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Indiana colleges adapt their engineering programs to attract more women into the field
Republic: A dual degree program between the University of Notre Dame and St. Mary's College has increased the percentage of women in the College of Engineering from 22 percent to 30 percent. In addition to more targeted recruitment, the program is helping to increase the national average of women in engineering which currently hovers around 18 percent.
"After Title IX was passed in 1972, women made monumental strides in higher-level education and now account for 50 percent or more of students in every field of study — as long as engineering is not included on that list.
The national average of women majoring in engineering is a meager 18 percent, said Cathy Pieronek, the assistant dean of academic affairs in engineering at the University of Notre Dame. When Pieronek and other officials at Notre Dame's College of Engineering realized the extent of the gender gap in 2002, they took steps to improve the situation.
In the past eight years, Notre Dame increased the percentage of women in the College of Engineering from 22 percent to 30 percent in this year's freshman class. Pieronek said this number is especially impressive when compared to the national average and percentages at other universities.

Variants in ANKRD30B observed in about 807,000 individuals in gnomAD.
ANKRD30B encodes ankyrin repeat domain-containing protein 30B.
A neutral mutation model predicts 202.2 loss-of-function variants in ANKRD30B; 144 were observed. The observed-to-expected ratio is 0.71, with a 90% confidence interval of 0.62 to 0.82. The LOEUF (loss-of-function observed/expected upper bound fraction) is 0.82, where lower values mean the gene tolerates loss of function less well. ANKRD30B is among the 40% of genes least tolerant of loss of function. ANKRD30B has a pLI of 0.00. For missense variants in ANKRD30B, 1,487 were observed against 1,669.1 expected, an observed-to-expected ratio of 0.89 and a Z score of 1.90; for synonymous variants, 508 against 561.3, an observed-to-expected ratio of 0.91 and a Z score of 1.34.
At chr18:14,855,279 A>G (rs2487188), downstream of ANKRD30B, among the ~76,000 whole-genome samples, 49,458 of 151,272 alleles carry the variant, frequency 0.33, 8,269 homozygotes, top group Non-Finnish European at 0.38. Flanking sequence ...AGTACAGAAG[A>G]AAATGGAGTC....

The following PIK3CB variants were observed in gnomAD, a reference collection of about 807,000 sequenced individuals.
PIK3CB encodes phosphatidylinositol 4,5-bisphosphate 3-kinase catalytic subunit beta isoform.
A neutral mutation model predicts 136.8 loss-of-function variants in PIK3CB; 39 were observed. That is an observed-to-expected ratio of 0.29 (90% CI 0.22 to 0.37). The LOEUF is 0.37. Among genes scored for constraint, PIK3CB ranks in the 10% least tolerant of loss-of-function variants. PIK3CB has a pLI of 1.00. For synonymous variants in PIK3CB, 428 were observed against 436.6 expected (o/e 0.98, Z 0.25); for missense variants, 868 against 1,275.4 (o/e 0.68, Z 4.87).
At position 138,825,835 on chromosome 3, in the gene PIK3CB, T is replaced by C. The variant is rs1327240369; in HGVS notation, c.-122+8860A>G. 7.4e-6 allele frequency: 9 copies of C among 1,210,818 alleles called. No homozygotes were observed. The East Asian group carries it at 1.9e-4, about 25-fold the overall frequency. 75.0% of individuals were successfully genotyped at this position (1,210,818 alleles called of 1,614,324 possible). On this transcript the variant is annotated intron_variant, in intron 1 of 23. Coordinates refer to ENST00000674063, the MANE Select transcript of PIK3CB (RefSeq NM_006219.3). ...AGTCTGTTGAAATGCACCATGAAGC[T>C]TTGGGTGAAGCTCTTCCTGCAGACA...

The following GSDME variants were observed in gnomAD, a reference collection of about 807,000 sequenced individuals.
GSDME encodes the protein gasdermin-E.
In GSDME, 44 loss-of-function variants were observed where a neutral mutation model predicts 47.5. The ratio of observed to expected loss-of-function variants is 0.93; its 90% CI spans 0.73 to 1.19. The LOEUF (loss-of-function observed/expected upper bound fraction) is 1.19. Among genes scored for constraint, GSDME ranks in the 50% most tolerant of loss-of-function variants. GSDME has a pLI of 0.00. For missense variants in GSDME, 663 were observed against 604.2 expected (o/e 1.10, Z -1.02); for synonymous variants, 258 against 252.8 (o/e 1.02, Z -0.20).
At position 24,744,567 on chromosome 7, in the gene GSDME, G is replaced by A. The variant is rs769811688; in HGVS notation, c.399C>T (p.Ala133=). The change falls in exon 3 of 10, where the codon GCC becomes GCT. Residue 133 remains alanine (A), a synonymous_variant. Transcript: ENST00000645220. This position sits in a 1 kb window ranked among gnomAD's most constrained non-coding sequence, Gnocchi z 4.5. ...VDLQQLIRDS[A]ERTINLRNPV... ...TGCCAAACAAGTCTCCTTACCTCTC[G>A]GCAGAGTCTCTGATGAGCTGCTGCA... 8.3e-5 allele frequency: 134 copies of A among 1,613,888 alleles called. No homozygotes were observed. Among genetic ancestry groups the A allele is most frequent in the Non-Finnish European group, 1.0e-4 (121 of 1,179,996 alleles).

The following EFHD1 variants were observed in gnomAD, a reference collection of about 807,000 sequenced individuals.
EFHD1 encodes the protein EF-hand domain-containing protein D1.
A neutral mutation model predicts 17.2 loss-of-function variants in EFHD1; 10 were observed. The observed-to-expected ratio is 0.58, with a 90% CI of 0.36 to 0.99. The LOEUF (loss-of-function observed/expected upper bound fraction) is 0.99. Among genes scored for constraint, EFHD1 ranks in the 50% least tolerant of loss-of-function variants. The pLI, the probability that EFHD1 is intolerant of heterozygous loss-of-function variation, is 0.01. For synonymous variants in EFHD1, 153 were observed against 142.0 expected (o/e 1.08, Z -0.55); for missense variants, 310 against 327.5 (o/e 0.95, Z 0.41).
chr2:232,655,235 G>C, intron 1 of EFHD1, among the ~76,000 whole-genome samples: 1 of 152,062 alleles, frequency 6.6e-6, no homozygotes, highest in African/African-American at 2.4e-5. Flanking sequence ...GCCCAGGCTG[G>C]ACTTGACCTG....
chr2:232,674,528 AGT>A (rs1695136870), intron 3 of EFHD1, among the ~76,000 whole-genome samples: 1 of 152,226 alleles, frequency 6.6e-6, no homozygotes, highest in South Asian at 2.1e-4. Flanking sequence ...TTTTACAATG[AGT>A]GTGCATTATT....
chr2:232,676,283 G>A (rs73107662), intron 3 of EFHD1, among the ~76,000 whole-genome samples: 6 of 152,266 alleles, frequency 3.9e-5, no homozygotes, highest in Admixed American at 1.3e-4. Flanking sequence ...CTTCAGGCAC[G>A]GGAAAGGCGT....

Pieronek said, however, the College of Engineering at Notre Dame is graduating more women thanks in large part to a dual program with neighboring Saint Mary's College. The program, which was formalized in 2005 but existed since the early 1970s, allows a Saint Mary's student to take pre-engineering classes starting her sophomore year at the college, while concurrently earning a degree in mathematics or one of the sciences. At the end of her four years, she graduates from Saint Mary's with a bachelor's degree in her selected major and then enrolls at Notre Dame for a fifth year in the College of Engineering."